About 32,000 grasshopper specimens from the Smithsonian Institution are now housed in the Mississippi Entomological Museum to support ongoing research at Mississippi State University.

JoVonn Hill, a Mississippi Agricultural and Forestry Experiment Station research associate in MSU’s Department of Biochemistry, Molecular Biology, Entomology and Plant Pathology, has been working since last summer to secure the collection’s loan from the Smithsonian National Museum of Natural History.

The collection is in 150 drawers of dried, pinned and identified insects, many of which have hand-written tags dating back more than 100 years. Smithsonian staff pulled the portion of the collection MSU is borrowing and packed them for transport. Hill and fellow research associate Jennifer Seltzer hauled the insects from Washington, D.C. in a trailer.

The collection arrived July 27, and MSU has it on loan for five years. Hill said they likely can extend the loan.

“This is a research collection,” Hill said. “I’ve been studying the grasshopper species of the Southeast, and this collection will give me more information on how widely a species is distributed and other biological information, as well as provide more specimens to work with.”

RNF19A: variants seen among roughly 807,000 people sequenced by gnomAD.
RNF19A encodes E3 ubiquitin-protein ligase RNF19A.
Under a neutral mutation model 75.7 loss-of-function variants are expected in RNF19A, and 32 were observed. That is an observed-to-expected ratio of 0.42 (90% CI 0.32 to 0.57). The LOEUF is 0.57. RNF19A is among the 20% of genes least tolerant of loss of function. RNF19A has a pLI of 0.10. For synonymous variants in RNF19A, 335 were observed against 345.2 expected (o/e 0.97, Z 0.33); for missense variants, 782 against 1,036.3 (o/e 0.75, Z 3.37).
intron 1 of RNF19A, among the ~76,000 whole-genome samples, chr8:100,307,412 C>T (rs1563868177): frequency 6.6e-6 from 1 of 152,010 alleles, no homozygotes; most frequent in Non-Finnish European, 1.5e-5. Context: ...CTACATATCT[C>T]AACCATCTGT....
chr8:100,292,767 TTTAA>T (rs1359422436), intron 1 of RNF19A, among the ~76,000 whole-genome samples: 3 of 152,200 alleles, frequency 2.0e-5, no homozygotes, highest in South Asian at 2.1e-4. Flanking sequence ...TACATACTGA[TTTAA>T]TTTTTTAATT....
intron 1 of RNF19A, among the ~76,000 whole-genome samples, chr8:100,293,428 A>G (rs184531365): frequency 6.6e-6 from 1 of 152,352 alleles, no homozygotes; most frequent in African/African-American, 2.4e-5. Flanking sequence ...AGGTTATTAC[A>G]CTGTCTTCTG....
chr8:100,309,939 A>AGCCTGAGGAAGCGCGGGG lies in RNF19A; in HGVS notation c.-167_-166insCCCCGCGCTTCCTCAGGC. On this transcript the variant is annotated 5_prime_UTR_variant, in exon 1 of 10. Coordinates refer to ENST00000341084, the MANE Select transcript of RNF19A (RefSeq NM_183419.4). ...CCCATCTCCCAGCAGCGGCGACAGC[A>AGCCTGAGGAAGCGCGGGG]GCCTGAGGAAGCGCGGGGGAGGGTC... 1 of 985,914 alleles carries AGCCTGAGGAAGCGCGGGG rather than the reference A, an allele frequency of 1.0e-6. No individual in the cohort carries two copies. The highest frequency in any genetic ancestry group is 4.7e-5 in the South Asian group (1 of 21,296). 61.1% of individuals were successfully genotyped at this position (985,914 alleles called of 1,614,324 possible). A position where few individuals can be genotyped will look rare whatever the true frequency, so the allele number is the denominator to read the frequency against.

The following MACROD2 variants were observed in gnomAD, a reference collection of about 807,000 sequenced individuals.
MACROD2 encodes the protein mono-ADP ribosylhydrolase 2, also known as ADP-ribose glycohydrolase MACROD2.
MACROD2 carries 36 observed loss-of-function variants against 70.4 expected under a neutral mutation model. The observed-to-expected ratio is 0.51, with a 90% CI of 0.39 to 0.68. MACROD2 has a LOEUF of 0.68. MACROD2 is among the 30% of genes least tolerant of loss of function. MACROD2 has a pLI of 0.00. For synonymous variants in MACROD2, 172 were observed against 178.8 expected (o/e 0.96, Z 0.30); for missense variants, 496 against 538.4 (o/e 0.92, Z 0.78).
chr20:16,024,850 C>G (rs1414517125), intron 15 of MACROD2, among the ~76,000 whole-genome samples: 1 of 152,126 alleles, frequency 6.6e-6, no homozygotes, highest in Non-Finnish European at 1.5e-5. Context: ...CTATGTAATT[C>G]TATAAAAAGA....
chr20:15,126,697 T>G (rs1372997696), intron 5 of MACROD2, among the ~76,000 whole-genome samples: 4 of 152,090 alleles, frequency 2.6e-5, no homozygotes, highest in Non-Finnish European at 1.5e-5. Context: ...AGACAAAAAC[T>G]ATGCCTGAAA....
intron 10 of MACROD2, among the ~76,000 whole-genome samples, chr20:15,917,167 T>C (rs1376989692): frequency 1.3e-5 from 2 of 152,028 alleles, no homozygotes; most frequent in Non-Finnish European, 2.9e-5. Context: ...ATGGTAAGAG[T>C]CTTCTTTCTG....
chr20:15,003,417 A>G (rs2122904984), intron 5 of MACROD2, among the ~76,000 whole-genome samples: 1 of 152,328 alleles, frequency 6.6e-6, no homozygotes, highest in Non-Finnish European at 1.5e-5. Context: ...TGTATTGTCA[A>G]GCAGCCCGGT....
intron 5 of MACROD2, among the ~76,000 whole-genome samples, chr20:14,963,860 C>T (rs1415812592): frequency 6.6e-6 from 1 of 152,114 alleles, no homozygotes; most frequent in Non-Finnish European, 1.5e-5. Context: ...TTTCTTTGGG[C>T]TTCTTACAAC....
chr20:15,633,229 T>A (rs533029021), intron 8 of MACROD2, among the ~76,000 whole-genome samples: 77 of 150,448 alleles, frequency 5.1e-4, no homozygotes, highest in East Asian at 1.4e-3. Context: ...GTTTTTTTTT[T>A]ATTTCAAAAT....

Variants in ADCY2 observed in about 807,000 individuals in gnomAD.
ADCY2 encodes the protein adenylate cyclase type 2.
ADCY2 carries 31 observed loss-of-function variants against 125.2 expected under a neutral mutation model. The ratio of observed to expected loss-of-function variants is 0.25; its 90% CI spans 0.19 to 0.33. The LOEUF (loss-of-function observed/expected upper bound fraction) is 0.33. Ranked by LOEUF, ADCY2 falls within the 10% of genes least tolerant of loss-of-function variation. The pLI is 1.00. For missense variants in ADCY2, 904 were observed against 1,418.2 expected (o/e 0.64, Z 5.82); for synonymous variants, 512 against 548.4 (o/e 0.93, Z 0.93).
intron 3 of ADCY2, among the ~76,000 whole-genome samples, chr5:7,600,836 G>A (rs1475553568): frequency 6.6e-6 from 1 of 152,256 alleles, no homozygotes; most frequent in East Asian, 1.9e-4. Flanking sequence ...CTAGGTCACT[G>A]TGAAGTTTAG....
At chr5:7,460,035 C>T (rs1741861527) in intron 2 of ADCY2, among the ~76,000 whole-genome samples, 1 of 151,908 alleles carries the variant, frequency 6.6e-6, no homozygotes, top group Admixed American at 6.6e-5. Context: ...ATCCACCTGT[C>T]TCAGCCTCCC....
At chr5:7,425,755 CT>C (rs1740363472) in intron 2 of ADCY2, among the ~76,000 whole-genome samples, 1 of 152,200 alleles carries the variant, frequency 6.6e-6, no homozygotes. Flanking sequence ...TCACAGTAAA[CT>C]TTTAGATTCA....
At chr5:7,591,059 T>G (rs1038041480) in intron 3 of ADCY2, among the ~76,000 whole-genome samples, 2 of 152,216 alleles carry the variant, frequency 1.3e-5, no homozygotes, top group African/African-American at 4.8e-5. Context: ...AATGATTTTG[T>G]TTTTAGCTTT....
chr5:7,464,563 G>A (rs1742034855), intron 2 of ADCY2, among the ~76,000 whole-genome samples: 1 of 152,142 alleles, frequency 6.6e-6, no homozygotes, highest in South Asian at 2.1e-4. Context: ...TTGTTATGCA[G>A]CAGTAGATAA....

Hill said few grasshopper specimens have been added to the Smithsonian collection since the 1970s. While the collection is in MSU’s possession, Hill will be required to curate and add to it.

“To curate it is to keep it up to date, such as when a name is changed or when two previously identified species are determined to be the same,” Hill said. “I’ll add to it when I go out in the field, and I’ll collect for MSU and for the U.S. National Museum collection.”

The grasshopper collection is being housed in the Mississippi Entomological Museum in the Clay Lyle Entomology Complex at MSU.